Altered glutamate transmission in the striatum has been proposed to play a critical role in the pathophysiology of Huntington's disease (HD), a genetic disorder associated with impaired activity of the mitochondrial complex II (succinate dehydrogenase, SD). In the present study, we recorded spontaneous (sEPSCs) and miniature excitatory postsynaptic currents (mEPSCs) from striatal neurons of both toxic (systemic administration of 3-nitropropionic acid in rats) and genetic models of HD (R6/2 transgenic mice). In both models, we found a significant down-regulation of glutamate transmission, suggesting that reduced synaptic excitation of the input structure of the basal ganglia represents a physiological correlate of HD.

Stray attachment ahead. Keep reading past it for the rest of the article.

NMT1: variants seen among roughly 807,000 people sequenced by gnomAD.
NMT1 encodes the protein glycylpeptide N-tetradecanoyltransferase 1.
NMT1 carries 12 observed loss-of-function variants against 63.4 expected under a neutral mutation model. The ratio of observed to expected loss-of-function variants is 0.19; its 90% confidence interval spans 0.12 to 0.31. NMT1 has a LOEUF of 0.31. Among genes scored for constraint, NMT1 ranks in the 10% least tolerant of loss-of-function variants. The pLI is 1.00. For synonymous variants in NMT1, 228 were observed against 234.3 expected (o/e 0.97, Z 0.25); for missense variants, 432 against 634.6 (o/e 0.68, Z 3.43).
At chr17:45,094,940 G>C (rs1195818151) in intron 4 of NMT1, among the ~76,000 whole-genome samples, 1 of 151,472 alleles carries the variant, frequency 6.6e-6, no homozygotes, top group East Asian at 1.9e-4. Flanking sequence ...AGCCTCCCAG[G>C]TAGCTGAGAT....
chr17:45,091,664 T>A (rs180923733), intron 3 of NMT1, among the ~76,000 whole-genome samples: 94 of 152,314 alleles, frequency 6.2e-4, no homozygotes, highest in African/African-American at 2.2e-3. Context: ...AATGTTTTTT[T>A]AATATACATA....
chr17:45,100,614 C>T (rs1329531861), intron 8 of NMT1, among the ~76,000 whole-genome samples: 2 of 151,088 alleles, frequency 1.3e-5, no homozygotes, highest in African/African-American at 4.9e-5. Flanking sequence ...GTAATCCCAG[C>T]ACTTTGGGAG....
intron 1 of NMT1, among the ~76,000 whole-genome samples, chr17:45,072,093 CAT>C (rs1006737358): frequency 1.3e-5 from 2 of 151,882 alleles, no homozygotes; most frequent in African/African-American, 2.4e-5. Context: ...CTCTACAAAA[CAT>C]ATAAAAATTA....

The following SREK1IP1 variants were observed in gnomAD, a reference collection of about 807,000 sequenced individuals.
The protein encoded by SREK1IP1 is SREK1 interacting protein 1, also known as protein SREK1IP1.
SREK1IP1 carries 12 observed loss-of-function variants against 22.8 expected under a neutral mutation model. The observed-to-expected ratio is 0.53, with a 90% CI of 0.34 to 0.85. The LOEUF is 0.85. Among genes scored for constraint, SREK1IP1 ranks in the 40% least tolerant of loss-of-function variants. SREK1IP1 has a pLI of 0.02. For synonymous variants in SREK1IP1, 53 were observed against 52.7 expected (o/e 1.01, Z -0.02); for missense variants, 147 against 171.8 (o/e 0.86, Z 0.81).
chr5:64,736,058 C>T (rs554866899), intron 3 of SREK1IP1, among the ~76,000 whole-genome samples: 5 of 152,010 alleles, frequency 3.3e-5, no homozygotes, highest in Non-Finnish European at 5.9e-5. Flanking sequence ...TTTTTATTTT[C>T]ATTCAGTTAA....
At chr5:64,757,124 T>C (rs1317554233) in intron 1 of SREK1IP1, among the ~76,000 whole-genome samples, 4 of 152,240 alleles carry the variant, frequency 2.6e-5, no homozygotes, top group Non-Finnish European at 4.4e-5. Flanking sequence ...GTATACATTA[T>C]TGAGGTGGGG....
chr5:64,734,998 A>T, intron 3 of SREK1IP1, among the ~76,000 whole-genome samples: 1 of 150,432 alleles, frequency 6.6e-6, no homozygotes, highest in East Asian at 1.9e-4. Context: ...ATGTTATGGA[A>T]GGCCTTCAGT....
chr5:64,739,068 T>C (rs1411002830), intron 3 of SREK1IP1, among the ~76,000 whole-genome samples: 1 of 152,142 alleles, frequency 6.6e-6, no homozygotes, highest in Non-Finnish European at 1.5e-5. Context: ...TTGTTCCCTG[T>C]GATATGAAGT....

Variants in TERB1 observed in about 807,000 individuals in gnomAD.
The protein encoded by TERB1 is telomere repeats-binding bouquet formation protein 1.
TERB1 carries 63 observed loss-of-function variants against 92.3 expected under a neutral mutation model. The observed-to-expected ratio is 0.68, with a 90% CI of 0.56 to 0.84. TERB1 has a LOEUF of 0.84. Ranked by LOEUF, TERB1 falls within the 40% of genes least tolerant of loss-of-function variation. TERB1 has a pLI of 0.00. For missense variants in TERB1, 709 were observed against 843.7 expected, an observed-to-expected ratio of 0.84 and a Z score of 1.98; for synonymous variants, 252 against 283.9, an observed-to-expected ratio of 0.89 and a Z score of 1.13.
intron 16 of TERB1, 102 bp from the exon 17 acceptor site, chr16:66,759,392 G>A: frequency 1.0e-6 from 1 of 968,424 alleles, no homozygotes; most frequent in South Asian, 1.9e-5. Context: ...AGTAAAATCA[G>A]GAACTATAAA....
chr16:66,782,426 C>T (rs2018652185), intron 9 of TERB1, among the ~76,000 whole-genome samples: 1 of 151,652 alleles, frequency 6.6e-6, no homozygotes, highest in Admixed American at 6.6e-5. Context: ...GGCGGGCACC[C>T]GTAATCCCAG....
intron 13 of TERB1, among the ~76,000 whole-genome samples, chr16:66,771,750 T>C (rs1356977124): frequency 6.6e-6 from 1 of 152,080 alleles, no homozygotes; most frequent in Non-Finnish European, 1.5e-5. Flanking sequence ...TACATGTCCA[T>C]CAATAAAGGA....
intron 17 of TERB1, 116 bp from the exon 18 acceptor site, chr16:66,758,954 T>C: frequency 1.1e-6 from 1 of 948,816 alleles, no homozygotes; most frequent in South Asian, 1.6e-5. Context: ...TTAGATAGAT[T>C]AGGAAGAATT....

- Corticostriatal transmission
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